Chinese officials have approved a directive to classify dogs and cats as companion animals—not livestock, a move makes the selling of live dogs and dog meat for human consumption illegal.
The Chinese Agriculture Ministry published a new National Catalogue of Livestock and Poultry Genetic Resources which outlines which animals can be bred, raised, traded and transported for commercial purposes in China. For the first time, dogs are not included. The move will potentially save the lives of tens of thousands of dogs ahead of the notorious Yulin Dog Meat Festival which begins on the Summer Solstice each year.
While the move does not make the consumption of dog meat illegal, the regulation bans selling live dogs and dog meat for food. This means all the restaurants, markets and slaughterhouses across China that sell dogs for consumption are now illegal, sending a message to the industry that dog meat consumption is not supported by the government.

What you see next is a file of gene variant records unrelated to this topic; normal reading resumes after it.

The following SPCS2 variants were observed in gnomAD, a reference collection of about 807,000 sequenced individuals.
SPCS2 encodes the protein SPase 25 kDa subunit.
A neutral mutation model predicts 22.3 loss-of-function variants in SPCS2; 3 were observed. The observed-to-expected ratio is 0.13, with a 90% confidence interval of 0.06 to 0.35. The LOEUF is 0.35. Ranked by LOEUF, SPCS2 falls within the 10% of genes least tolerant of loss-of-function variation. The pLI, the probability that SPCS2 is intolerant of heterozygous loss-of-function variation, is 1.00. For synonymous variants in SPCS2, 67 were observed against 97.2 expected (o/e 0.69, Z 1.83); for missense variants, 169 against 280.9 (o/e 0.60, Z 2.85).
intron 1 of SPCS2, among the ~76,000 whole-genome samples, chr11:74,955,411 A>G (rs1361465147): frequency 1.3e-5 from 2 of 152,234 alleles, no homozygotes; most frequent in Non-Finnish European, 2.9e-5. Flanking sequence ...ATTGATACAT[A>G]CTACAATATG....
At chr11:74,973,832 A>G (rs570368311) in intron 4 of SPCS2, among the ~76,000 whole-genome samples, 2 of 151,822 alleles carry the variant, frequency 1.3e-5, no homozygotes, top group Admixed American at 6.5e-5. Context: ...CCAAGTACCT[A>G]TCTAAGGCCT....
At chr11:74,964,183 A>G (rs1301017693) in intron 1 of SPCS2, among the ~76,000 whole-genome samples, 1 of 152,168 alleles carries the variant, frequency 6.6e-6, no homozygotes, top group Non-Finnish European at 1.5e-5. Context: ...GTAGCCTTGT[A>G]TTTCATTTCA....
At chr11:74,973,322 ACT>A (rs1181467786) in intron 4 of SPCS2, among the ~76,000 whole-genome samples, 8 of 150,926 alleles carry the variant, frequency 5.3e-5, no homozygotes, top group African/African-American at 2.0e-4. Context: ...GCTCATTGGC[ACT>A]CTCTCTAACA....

A spokesperson from the Chinese Agriculture Ministry told reporters, “With the progress of the times, humans’ understanding of civilization and dining habits have changed constantly. Some traditional customs about dogs will change too.”
“Tradition” has long been used to excuse and explanation for the annual culling, torture, and slaughter of tens of thousands of dogs in Yulin each summer. It remains to be seen how the new directive will impact the annual festival slated to begin in just a few weeks, on June 21.
Two Chinese cities, Shenzhen and Zhuhai, banned the eating of dogs in response to the coronavirus pandemic, a move that activists and animal lovers hope will extend nationwide.
Humane Society International spokesperson Wendy Higgins said, “This now presents the perfect opportunity for cities across China to act upon the government’s words by protecting dogs and cats from the meat trade thieves and slaughterhouses. In just a few weeks, the dog slaughterhouses of the city of Yulin will be full with terrified dogs awaiting bludgeoning and butchery for its infamous dog meat festival.”
“Experience tells us that many of those dogs will be precisely the beloved companions and helpers and service dogs the national government talked about in its statement as being not for food,” she continued. “The Yulin festival is a bloody spectacle that does not reflect the mood or eating habits of the Chinese people, and if it is allowed to go ahead, it will appear to be in public defiance of the Ministry of Agriculture’s words.”